Our first days home and the cycle was already spinning. Respect, obedience, and honesty are the three Big Ones we work on with all our kids. In the low points of her cycle, disrespect, disobedience, and dishonesty are all her BIG GUNS. They are the ones she pulls out when she needs to make sure I understand she doesn’t want me to know she needs me.
I panicked. We were headed back to that place. The two weeks of peace were just a teaser. God had none of that in mind for our family. We were destined to be dysfunctional, disheartened, and a general ‘dys-aster’ until all these kids were grown and gone. And after that–then what? Would she ever come home again? Would I be there when she graduated college? Got married? Would she want her children to call me Grandma?
Cycle. Cycle. Cycle. I could feel myself detaching from the too-familiar cycle, refusing to ride this ride of manipulation again and I was afraid. Afraid of failure. Afraid to fail her.
So I chose to stop the cycle myself. No more reacting to the dishonesty. No more expectations of obedience. No more personal offense taken to the disrespect. I will only vocalize her poor choice in behavior. I will only allow the natural consequence of poor decisions. I will always let her know where the mistake is, but I will no longer be making a list of offenses.
I will choose to respond in peace for the sake of peace and no longer give her a piece of my mind.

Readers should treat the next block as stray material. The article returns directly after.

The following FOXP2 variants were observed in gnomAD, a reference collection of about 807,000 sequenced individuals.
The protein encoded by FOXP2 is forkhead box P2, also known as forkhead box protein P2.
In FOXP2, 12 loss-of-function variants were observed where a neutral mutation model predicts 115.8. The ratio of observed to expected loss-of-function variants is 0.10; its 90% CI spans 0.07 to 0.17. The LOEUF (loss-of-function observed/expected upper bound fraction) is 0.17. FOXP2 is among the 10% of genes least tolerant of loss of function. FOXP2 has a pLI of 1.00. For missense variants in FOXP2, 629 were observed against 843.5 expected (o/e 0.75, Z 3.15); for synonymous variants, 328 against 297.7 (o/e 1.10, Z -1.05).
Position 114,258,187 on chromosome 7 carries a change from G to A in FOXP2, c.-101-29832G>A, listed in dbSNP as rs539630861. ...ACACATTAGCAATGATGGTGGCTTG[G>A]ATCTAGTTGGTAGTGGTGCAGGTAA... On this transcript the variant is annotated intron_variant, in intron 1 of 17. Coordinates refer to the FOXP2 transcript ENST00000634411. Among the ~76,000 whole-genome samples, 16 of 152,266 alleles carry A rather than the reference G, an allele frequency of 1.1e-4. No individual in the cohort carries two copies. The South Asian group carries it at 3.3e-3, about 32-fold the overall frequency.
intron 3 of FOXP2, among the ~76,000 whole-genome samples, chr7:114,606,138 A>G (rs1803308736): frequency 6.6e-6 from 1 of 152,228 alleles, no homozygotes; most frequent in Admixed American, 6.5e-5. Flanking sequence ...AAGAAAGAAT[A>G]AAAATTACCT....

And what the Lord showed me was heart-breaking. My daughter feared me. Slowly, my non-reaction allowed her room to feel safe. She began to ask questions after choosing poor behavior, “Do I lose privileges today mommy? Do I lose screens tonight, Mom? Do I lose dessert after dinner because I disobeyed? Do I have to sit with you even though I disrespected?”
For once in my life it was hard to say ‘no’. Saying no was really saying ‘yes’ and it just about killed me. It was all poor behavior without consequence. All for the sake of peace.
All for grace.
And the peace came rushing in.
So for all you adopted mamas who share my journey, I advocate for a little respite. A little space to see clearly. A little room to grow.
I know you can read all the above and see my ugly heart, and I’m okay with that. I see it, too. She sees it, too. We all know it’s there. But more than anything, I have learned to live with my own ugliness and embrace the beauty of grace for the sake of ‘us’. If I parent in my own strength, I fail this adopted child who has already experienced so much loss. If I let go–if my discipline grows weak and my expectations low–then I gain everything.
She crawls up in my lap and says she loves me, spontaneously and without asking for food next.
She braids my hair and says I’m beautiful. Not because she needs to reattach after a tantrum, but because she wants to spend time with me.
She apologizes on her own, not to regain privileges, but to mend the fracture she senses in our unity.
I love her. No faking. All real. And I know she loves me, too.
So here’s a thank you to my friend and her gift of respite–of rest.